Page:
About the W3C
Formatting HTML using HTML
HTML was not designed for formatting which was left to the particular browser. Originally HTML attempted to mix content and layout by providing tags which could be used to help lay out a document. What can be achieved in terms of layout with just HTML however is very limited. In effect the web developer was just using in-line styles.
As the Internet grew this limitation was overcome by the introduction of Cascading Style Sheets (CSS). These notes delve into some of the basic and more complex examples involving style sheets.
Advantages of CSS
Control layout of many documents from one single style sheet
Style rules are accessible to scripting and so can be changed dynamically
Apply different layout to different media-types, screen or print for example.
More precise control of layout
The purpose of Cascading style sheets is to separate the layout from the content, providing a much more flexible alternative. For example each time you use a <h1> tag for a page header, you want it styled the same, on every page. By using an external style sheet this can be set up just once. Furthermore if you decide to change it at some later date, only only need to change it in one place.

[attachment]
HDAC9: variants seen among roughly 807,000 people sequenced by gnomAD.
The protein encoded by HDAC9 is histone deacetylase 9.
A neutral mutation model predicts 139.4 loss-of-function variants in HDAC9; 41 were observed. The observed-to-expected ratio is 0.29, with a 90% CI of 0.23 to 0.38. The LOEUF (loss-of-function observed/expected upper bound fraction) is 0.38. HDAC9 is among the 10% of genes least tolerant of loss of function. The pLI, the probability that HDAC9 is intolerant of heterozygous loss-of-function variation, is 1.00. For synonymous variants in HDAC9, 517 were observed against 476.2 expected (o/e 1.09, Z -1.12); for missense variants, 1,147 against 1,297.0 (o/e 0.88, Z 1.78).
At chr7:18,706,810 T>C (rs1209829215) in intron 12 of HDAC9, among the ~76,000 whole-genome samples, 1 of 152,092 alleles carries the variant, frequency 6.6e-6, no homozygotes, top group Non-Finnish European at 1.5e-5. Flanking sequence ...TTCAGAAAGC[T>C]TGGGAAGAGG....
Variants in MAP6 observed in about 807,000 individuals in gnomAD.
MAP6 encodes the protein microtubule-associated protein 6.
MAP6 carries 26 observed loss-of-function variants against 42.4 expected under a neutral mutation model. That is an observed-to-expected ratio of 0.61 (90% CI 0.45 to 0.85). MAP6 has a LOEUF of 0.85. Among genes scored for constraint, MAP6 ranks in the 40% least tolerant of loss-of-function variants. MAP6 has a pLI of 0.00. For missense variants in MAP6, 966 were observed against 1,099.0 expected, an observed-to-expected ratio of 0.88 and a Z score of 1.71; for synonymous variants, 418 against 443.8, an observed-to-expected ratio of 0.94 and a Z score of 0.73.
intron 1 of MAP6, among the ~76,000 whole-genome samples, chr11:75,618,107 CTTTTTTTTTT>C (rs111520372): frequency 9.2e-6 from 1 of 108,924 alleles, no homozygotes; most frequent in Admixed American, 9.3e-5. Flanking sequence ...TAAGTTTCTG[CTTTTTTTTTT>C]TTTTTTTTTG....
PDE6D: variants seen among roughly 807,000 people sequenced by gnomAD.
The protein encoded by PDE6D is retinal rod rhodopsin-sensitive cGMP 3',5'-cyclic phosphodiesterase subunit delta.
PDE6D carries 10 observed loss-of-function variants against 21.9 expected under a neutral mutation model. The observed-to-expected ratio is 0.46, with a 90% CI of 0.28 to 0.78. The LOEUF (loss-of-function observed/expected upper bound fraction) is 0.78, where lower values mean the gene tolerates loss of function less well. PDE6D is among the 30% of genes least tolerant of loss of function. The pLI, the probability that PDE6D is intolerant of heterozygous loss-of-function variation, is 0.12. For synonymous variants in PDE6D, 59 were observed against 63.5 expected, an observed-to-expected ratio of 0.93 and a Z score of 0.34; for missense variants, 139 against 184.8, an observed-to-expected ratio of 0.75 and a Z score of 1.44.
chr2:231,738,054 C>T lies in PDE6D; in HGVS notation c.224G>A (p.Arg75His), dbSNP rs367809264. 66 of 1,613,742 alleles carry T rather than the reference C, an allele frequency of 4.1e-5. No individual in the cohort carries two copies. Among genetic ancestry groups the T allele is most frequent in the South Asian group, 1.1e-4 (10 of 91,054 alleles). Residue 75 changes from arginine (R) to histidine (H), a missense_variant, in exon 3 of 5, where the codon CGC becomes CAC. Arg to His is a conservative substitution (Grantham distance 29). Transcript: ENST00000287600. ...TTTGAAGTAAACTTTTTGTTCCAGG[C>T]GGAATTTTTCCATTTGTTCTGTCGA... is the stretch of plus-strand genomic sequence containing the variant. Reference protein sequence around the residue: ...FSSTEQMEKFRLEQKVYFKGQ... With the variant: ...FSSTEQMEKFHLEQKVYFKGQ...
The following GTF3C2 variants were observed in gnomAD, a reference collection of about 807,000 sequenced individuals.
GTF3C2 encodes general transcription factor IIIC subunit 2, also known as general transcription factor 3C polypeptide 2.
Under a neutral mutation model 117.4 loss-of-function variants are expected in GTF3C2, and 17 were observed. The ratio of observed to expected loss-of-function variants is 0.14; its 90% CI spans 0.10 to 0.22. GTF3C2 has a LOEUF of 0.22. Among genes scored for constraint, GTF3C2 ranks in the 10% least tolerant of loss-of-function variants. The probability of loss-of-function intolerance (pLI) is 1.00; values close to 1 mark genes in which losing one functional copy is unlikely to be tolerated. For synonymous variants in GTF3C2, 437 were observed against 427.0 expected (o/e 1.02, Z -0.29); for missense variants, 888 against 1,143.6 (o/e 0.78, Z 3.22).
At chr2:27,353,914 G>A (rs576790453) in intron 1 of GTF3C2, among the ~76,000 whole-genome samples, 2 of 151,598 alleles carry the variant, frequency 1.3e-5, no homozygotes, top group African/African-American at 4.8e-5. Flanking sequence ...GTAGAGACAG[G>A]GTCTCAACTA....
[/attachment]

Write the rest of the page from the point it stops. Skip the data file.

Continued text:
The term cascading refers to way in which style sheets rules are applied and initially may be a source of confusion. Because a single (HTML or XML element) may have multiple style rules applied to it, these rules are applied according to their precedence. For example an HTML page may have its own style rules enclosed within <style> … </style> tags which can override rules in the external style sheet.
Lastly, within a web page, may be in-line styles e.g. <p style=”list of style rules” >. These rules with override, or take precedence over both the local or external rules.
Style rules can be grouped together according to their function
fonts and text properties
color and background
The standards for cascading style sheets are maintained by the W3 organisation.
Cascading Style Sheets can also be used with XML (e Xtensible) Mark-up Language. Like HTML Cascading Style sheets also have their limitations. XSL is a style sheet (just for XML) that is tackling some of those issues.